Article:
Friday, August 11, 2006

Development Costs Inflation Model

There's a theme I've been pounding on for years that, IMHO, developer productivity is actually going down rather than up over the years. I used to make comparisons in developer productivity between command-line interfaces (CLI) and graphical user interfaces (GUI).

My point has been that developers were focused on functionality in the CLI world because of limited presentation options. Therefore, one would spend maybe 10-20% of the project designing the interface and the rest of the time with functionality and reporting.

With the advent of Windows 3, we're GUI and now had a whole bunch more things to plan that had nothing to do with the actual functionality of the application...such as what fonts to use, precision control placement, modal versus non-modal dialogs, etc. So, perhaps, we're looking at 50% interface and 50% functionality.

Now with a lot of business applications exclusively using web interfaces, we have a third area of concern in application development: systems integration: Network issues, request handlers, security, etc. Plus, web UI is not quite as flexible as Windows UI so we spend even more time working out the user interface. I figure that now we spend 30% on integration, 40% on interface, and 30% on functionality.

And, so.....let's do the math but establish a truism first.

GUIs, be they web or desktop, do not generally enhance specific business functionality; they enhance user productivity. For example, being able to look at 5 different chart-of-accounts entries, each in it's own spiffy non-modal window, does nothing to aid the process of closing a period nor does it force multiply the developers time to implement the closing code.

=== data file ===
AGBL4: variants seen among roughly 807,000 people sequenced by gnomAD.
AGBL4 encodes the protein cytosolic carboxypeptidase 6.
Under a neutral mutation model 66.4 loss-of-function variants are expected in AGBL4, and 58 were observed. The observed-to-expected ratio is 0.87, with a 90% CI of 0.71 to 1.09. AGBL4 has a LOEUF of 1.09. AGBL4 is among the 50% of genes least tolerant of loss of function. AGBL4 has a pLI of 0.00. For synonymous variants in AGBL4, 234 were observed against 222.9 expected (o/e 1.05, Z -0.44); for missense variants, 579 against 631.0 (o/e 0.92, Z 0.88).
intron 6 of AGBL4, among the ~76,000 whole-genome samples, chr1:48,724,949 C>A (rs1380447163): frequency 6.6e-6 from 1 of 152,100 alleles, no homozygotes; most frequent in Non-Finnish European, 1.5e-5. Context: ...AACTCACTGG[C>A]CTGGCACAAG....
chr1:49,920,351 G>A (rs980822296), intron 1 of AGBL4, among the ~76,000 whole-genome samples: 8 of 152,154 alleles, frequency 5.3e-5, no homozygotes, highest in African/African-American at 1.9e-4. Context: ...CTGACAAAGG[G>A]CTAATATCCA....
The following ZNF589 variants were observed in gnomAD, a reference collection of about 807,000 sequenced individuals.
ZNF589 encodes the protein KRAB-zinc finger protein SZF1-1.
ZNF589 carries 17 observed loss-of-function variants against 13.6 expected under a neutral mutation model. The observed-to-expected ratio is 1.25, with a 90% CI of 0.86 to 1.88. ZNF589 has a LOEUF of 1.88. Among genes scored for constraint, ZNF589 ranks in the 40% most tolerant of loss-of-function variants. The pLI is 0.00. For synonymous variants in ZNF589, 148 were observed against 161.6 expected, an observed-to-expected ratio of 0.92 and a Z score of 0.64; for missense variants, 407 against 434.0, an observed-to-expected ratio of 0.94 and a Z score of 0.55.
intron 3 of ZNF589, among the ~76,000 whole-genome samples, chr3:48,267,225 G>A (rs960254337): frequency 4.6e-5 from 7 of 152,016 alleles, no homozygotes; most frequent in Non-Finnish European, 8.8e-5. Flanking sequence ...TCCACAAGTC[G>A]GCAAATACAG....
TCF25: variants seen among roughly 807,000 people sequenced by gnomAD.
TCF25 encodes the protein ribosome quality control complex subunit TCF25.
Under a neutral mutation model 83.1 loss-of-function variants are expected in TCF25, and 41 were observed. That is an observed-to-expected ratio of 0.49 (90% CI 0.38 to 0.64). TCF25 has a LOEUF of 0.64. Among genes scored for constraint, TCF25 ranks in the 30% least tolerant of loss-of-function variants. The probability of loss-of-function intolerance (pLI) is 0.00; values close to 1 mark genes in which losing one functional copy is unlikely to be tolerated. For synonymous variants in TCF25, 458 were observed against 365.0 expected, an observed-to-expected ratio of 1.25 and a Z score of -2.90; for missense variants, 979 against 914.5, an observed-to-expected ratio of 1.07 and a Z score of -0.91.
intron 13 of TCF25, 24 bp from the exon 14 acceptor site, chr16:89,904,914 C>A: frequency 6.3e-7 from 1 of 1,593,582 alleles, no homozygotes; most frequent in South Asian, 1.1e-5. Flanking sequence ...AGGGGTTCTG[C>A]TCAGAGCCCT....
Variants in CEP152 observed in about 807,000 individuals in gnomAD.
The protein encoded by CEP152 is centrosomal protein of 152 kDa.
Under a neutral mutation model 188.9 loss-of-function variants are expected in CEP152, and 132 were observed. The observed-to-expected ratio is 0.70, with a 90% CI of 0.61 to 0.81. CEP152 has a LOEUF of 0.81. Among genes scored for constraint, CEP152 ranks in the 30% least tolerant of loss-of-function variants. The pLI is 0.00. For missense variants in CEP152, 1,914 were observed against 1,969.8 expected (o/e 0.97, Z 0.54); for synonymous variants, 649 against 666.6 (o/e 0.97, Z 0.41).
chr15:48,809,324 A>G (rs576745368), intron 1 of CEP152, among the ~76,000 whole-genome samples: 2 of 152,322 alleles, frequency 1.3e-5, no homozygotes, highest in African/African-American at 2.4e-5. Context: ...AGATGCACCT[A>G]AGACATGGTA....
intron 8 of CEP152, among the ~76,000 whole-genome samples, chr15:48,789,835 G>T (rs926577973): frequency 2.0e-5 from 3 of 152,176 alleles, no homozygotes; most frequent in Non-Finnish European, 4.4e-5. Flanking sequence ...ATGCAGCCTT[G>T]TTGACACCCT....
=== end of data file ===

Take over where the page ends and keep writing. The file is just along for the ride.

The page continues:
So, the rule here appears to be that GUI applications do not shorten the development time to create business-oriented functions. And, arguably, web applications increase the amount of time required to implement the user interface because of the lesser flexibility of web controls over desktop controls.

My example above is typical of a simple accounting application. Let's look at what the CLI development effort might well be:

UI design and coding: 20% = 20 hours
Functional design and coding: 80% = 80 hours

TOTAL 100 hours

Now let's look at a desktop GUI application. Bear in mind that our UI efforts are 50% of the time now, however, there's nothing in a GUI versus CLI that makes functionality; i.e., closing a fiscal year, any easier. I'm reversing the order of the tasks to highlight this:

Functional design and coding: 80 hours (50%)
UI design and coding: 80 hours (50%)

TOTAL 160 hours

The cost to implement the GUI solution is 60% higher for the developer with little or no increase in business productivity.

With the web app, the numbers go to:

Functional design and coding: 80 hours (30%)
UI design and coding: 96 hours (40%)
Systems integration: 80 hours (30%)

TOTAL 254 hours

The web application is two-and-a-half times more expensive with little of no functional gain. Scary thought, isn't it.

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